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Problems with Fish in Boston


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Problems with Fish in Boston

homecook | Aug 22, 2002 03:16 PM

If you like salmon, I would recommend checking out the Coho (aka silver) salmon at Whole Foods. The price is decent considering fishermen in Canada and Alaska only get paid about $.25 a pound if they are lucky. Coho and pink salmon are still making runs through September in Alaska and Canada.

I should warn people that there are fish mongers who are trying to rip people off with King Salmon. Most king salmon runs are finished by late June and grow increasingly rare in July. Late runs in September are possible. I won't mention names but I have seen "king salmon" that looks terrible in some reputable fish joints. Individually quick frozen king salmon is great and available year round but you shouldn't be expected to pay a "Fresh price". King salmon is also caught in California year round on troll line but this is incredibly fresh and expensive. It rarely makes it to the East coast.

I should also point out that there is very little fish actually landed at the pier in Boston. Eastern seaboard fish is primarily landed in New Bedford (#1 landing last year), Gloucester, Point Judith, Cape May and Point Pleasant. Frankly because of all the environmental lawsuits courtesy of Pew Charitable Trust money, there is less and less seafood actually being landed in the Northeast. Perhaps this will increase the availability in the 10 - 20 years but it will result in increased imports, higher prices and less fresh fish available to the consumer.

What you will find at the pier is container loads of fish trucked or air freighted in from points afar - that can mean Canada, Europe, Latin America, Africa, etc.. Most of our farmed salmon comes from Chile in containers, sea bream from Med fish farms, tuna and swordfish from Africa, Latin America and Canada, shrimp from Latin America and Asia, etc...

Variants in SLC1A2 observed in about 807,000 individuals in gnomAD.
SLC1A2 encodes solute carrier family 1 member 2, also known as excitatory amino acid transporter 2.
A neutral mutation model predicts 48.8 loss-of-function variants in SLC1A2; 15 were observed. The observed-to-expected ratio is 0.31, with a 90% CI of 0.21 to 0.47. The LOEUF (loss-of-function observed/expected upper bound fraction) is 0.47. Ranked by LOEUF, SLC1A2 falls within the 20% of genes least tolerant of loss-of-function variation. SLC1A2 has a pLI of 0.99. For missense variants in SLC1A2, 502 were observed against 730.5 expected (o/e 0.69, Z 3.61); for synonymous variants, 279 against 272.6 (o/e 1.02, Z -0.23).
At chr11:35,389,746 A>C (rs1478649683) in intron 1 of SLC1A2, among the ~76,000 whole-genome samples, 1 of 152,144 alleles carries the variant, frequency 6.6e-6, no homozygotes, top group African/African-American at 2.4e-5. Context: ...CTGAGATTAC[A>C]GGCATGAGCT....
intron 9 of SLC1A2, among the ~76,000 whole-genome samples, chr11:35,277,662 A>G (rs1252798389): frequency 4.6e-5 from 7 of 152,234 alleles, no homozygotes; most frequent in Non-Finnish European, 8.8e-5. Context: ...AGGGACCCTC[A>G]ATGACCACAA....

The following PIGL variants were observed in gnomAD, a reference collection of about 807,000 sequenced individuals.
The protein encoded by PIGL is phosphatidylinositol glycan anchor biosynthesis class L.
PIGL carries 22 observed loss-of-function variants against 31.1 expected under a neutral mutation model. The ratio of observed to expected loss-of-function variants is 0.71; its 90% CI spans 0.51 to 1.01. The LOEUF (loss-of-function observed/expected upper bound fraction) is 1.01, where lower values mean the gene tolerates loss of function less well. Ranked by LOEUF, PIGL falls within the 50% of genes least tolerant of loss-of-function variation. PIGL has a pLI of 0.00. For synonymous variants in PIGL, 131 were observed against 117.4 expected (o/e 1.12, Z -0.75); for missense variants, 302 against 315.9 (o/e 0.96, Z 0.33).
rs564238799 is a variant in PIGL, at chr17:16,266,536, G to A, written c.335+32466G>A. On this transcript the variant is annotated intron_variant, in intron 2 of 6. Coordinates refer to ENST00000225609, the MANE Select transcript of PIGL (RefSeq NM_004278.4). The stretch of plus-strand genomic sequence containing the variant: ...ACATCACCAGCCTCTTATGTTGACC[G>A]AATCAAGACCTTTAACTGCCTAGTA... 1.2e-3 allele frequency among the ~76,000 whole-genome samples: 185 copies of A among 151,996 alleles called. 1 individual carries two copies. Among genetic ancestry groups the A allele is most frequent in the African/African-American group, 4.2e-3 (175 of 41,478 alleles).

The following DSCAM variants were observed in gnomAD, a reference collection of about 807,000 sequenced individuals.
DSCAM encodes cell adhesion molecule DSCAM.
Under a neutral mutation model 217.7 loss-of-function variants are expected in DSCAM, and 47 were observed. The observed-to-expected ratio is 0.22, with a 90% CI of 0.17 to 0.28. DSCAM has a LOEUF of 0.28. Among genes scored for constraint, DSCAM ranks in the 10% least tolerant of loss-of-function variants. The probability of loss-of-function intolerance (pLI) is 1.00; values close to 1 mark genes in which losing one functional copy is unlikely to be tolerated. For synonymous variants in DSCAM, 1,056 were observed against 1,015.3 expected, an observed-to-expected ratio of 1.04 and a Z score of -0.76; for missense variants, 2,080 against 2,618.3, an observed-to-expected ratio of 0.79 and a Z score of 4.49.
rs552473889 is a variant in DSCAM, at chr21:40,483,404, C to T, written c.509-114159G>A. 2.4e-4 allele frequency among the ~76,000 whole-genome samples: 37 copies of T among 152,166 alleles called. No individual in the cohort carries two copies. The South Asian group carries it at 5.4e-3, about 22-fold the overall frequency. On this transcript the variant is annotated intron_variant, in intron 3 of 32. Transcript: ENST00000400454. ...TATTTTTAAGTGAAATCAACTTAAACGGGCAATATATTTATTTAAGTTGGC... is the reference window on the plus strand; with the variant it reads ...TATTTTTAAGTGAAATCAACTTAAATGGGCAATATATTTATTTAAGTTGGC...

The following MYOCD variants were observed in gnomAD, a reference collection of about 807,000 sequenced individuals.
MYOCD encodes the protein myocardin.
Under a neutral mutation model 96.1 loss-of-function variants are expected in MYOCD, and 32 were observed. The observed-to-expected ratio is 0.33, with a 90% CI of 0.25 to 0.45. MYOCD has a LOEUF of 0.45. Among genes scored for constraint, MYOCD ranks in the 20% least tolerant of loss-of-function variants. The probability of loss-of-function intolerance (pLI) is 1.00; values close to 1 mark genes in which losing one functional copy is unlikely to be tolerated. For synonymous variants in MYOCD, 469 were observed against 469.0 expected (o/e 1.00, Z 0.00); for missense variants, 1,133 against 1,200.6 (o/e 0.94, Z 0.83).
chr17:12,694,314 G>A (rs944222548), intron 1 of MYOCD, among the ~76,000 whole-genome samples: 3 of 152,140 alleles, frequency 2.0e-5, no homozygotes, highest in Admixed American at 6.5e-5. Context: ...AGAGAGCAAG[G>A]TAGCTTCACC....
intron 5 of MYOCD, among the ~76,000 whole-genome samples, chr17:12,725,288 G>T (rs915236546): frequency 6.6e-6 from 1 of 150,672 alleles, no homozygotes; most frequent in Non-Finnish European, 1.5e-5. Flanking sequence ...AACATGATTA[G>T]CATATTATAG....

I should add that this is applies for the Fulton Market and the new Hunt's Point location.

I still believe that buying at the Pier is the freshest option for Bostonians. Pigeon Cove (Whole Foods) buys fish from the wholesalers and importers and simply labels it "Pigeon Cove". It's not like Whole Foods owns fleets of boats that are plying the oceans just for their stores. That said, Whole Foods consistently has some of the best looking seafood in the Boston area. I believe that they have high turn over which means that the fish is most likely to on display for a few days.

I recently visited Wulf's and found the owners to be knowledgeable and skilled. They can tell you where they bought their fish from. They won't buy bad fish from the wholesalers. Unfortunately I don't think they move enough volume so some of the fillets were already breaking down when I visited the store.

More and more people are discovering the virtues of fresh fish. Unfortunately there is a whole lot of bad information and improper handling going on.

Look for coho salmon and enjoy while it lasts. I recommend lightly oiling a fillet with olive oil, give the flesh side a small sprinkling of pepper and placing on a hot grill for 6-7 minutes skin side down, cover on. Don't over cook because coho has up to 5% less fat than farmed salmon or king salmon.

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